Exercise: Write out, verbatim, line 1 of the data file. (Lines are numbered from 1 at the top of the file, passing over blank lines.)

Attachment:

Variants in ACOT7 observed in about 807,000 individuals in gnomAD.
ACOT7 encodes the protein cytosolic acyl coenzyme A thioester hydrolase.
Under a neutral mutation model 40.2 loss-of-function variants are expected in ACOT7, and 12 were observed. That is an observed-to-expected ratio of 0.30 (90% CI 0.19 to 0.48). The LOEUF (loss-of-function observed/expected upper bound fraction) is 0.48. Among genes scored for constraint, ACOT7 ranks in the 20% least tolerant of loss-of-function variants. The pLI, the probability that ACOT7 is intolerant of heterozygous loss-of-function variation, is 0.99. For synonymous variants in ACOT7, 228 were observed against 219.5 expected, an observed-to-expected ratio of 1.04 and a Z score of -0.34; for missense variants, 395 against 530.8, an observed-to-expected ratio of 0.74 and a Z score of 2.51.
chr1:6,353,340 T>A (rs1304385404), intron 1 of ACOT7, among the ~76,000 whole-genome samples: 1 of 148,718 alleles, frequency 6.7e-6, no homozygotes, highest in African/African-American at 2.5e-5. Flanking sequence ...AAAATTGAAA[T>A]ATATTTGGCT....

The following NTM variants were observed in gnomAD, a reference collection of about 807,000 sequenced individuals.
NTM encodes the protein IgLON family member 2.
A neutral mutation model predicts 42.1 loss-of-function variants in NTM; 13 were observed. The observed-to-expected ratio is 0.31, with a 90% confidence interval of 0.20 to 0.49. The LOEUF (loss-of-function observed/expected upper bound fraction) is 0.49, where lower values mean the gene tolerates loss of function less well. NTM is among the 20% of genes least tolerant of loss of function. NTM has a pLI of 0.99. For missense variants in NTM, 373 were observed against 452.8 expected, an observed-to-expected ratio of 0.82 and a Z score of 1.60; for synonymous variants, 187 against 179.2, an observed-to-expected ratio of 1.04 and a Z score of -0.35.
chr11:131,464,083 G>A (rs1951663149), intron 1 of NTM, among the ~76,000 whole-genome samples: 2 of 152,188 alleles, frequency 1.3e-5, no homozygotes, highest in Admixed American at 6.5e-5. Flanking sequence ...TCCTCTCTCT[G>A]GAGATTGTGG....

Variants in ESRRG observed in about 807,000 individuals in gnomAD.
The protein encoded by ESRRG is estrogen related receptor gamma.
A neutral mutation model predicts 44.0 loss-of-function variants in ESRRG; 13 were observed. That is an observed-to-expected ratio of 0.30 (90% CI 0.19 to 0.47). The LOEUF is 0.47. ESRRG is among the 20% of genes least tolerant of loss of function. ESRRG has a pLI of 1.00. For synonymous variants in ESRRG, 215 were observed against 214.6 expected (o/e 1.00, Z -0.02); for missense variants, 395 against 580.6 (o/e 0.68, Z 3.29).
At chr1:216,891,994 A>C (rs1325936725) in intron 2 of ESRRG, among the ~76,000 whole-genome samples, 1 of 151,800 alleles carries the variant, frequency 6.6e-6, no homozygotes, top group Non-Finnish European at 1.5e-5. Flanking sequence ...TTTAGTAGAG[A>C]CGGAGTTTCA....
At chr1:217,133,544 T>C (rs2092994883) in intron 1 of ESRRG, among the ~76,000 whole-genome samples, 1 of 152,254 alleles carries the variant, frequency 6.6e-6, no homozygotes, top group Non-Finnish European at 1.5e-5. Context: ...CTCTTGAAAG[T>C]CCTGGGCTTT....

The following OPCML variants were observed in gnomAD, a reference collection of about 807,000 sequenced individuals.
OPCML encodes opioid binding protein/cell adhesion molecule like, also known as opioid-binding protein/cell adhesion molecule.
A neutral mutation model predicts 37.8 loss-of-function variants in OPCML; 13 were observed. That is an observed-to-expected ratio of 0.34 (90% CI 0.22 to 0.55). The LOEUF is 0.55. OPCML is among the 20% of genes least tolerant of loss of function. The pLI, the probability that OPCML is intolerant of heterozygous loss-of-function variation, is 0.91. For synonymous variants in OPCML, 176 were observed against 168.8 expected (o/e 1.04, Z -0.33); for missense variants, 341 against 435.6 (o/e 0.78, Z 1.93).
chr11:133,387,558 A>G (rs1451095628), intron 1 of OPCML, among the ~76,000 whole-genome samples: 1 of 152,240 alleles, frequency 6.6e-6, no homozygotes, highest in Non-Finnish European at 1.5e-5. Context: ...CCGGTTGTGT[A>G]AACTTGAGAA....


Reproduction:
Variants in ACOT7 observed in about 807,000 individuals in gnomAD.